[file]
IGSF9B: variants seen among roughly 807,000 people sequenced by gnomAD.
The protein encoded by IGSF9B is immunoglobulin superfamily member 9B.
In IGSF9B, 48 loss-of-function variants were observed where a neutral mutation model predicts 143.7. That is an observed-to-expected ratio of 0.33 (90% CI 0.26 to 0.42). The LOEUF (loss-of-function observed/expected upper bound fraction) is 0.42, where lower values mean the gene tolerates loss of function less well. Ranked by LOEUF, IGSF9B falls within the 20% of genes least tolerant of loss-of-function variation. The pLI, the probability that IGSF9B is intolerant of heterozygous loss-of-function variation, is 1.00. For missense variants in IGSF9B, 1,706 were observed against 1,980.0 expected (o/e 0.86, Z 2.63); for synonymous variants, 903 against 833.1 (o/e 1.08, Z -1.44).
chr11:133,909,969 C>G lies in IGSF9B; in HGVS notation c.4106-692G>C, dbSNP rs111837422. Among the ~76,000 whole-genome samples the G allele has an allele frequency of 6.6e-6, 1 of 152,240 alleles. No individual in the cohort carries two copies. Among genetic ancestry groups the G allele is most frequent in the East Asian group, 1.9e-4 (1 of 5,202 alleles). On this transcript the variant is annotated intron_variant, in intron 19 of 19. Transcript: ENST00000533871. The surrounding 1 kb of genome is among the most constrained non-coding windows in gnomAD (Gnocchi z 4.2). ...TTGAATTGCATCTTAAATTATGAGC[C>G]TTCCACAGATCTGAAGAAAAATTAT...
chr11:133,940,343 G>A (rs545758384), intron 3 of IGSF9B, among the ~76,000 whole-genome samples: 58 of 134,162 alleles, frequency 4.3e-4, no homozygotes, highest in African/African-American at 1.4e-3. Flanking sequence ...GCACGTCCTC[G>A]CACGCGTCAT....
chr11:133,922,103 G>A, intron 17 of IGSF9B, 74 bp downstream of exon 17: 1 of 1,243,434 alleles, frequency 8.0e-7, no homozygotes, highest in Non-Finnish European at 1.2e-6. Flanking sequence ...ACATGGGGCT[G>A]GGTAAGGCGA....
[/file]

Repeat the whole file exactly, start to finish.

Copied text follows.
IGSF9B: variants seen among roughly 807,000 people sequenced by gnomAD.
The protein encoded by IGSF9B is immunoglobulin superfamily member 9B.
In IGSF9B, 48 loss-of-function variants were observed where a neutral mutation model predicts 143.7. That is an observed-to-expected ratio of 0.33 (90% CI 0.26 to 0.42). The LOEUF (loss-of-function observed/expected upper bound fraction) is 0.42, where lower values mean the gene tolerates loss of function less well. Ranked by LOEUF, IGSF9B falls within the 20% of genes least tolerant of loss-of-function variation. The pLI, the probability that IGSF9B is intolerant of heterozygous loss-of-function variation, is 1.00. For missense variants in IGSF9B, 1,706 were observed against 1,980.0 expected (o/e 0.86, Z 2.63); for synonymous variants, 903 against 833.1 (o/e 1.08, Z -1.44).
chr11:133,909,969 C>G lies in IGSF9B; in HGVS notation c.4106-692G>C, dbSNP rs111837422. Among the ~76,000 whole-genome samples the G allele has an allele frequency of 6.6e-6, 1 of 152,240 alleles. No individual in the cohort carries two copies. Among genetic ancestry groups the G allele is most frequent in the East Asian group, 1.9e-4 (1 of 5,202 alleles). On this transcript the variant is annotated intron_variant, in intron 19 of 19. Transcript: ENST00000533871. The surrounding 1 kb of genome is among the most constrained non-coding windows in gnomAD (Gnocchi z 4.2). ...TTGAATTGCATCTTAAATTATGAGC[C>G]TTCCACAGATCTGAAGAAAAATTAT...
chr11:133,940,343 G>A (rs545758384), intron 3 of IGSF9B, among the ~76,000 whole-genome samples: 58 of 134,162 alleles, frequency 4.3e-4, no homozygotes, highest in African/African-American at 1.4e-3. Flanking sequence ...GCACGTCCTC[G>A]CACGCGTCAT....
chr11:133,922,103 G>A, intron 17 of IGSF9B, 74 bp downstream of exon 17: 1 of 1,243,434 alleles, frequency 8.0e-7, no homozygotes, highest in Non-Finnish European at 1.2e-6. Flanking sequence ...ACATGGGGCT[G>A]GGTAAGGCGA....